It is uncertain whether subclinical hypothyroidism (SCH) is associated with hypercholesterolaemia, particularly in subjects with SCH and serum TSH < or = 10 mU/l. Design, PATIENTS AND MEASUREMENTS: Cross-sectional study of 2108 participants in a 1981 community health survey in Busselton, Western Australia. Serum total cholesterol and triglycerides were measured in all subjects and high density lipoprotein cholesterol (HDL-C) measured (and low density lipoprotein cholesterol (LDL-C) calculated) in a subgroup of 631 subjects at the time of the survey. In 2001, TSH and free T4 concentrations were measured on archived sera stored at -70 degrees C. Serum lipid concentrations in subjects with thyroid dysfunction and euthyroid subjects were compared using linear regression models. RESULTS: In the group as a whole, serum total cholesterol was higher in subjects with SCH (N = 119) than in euthyroid subjects (N = 1906) (mean +/- SD 6.3 +/- 1.3 mmol/l vs. 5.8 +/- 1.2 mmol/l, P < 0.001 unadjusted, P = 0.061 adjusted for age, age(2) and sex). Serum total cholesterol was similarly elevated in subjects with SCH and TSH < or = 10 mU/l (N = 89) (6.3 +/- 1.3 mmol/l, P < 0.001 unadjusted, P = 0.055 adjusted for age, age(2) and sex). In the subgroup analysis, LDL-C was higher in subjects with SCH (N = 30) than in euthyroid subjects (N = 580) (4.1 +/- 1.2 mmol/l vs. 3.5 +/- 1.0 mmol/l, P < 0.01 unadjusted, P = 0.024 adjusted for age, age(2) and sex). LDL-C was significantly increased in subjects with SCH and TSH < or = 10 mU/l (N = 23) (4.3 +/- 1.3 mmol/l, P < 0.001 unadjusted, P = 0.002 adjusted for age, age(2) and sex). CONCLUSION: SCH is associated with increased serum LDL-C concentrations, which is significant after adjustment for age, age(2) and sex.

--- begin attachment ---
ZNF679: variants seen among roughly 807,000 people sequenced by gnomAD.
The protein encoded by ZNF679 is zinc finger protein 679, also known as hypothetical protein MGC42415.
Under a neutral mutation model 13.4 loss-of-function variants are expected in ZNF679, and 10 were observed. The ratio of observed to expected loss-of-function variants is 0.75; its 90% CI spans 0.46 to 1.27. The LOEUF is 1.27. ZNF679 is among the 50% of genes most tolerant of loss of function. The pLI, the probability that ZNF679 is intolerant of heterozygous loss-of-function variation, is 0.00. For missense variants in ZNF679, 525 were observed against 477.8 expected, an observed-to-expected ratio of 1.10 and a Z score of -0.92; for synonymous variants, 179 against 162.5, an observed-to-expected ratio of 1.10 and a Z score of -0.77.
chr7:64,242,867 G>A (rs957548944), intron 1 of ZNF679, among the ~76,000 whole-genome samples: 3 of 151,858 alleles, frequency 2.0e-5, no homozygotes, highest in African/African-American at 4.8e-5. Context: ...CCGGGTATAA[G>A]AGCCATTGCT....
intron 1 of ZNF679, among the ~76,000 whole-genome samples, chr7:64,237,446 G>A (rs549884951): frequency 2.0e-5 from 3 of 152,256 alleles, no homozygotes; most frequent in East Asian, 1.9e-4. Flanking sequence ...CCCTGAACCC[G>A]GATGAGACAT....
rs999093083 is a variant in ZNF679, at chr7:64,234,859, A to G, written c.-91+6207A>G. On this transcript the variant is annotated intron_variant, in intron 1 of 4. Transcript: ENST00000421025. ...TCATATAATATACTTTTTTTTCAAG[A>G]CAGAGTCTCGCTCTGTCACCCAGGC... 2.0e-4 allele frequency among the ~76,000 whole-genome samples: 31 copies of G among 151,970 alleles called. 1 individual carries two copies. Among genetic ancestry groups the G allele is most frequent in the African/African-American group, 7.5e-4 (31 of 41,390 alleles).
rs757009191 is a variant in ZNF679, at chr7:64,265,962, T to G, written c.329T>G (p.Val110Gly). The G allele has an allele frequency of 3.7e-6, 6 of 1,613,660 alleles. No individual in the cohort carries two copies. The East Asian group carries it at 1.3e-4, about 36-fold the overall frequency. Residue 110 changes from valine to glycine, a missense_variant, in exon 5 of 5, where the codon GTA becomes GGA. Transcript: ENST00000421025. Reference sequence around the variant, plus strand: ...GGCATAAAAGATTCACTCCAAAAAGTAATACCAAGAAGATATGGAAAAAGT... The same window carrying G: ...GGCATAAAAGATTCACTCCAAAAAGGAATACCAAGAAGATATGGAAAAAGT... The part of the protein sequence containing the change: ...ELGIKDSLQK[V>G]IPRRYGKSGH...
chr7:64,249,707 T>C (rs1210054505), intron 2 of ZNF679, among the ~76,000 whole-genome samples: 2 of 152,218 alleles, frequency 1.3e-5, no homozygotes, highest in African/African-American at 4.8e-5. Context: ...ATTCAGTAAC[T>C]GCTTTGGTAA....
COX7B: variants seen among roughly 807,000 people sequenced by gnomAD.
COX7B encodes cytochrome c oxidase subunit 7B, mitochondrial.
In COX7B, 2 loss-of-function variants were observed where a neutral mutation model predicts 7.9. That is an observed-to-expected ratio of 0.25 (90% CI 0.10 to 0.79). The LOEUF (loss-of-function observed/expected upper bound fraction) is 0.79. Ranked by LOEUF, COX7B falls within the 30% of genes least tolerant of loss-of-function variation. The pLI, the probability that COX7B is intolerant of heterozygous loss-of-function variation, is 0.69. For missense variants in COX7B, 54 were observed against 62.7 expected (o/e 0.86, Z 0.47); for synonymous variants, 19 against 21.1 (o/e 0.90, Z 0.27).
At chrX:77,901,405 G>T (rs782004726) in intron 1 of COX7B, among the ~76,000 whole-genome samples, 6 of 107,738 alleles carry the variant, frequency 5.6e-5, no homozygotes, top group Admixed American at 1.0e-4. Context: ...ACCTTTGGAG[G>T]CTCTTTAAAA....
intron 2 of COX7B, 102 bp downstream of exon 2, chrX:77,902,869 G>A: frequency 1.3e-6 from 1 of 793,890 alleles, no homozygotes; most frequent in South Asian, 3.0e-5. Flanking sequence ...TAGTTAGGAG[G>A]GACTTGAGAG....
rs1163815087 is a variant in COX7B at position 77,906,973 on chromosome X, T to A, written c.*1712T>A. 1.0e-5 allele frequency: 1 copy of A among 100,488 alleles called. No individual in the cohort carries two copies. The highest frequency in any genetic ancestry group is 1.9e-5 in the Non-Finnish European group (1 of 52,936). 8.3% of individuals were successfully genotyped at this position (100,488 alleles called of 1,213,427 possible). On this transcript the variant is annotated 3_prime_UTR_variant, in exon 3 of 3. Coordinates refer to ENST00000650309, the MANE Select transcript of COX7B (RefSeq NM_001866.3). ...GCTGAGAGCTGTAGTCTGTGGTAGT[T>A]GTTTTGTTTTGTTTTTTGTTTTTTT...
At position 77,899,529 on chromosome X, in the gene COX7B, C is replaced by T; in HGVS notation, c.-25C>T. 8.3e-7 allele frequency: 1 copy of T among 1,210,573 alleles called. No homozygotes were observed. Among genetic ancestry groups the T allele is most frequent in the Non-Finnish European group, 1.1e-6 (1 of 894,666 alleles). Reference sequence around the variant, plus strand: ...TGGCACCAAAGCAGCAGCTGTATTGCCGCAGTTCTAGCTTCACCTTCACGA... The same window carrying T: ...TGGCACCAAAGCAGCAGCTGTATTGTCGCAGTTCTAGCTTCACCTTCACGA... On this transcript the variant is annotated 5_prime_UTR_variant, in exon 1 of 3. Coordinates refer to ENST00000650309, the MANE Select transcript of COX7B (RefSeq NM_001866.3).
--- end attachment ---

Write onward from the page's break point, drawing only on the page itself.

J Endocrinol Invest. 2004 Nov;27(10):897-903.
The effect of L-thyroxine replacement therapy on lipid based cardiovascular risk in subclinical hypothyroidism.
Serter R, Demirbas B, Korukluoglu B, Culha C, Cakal E, Aral Y.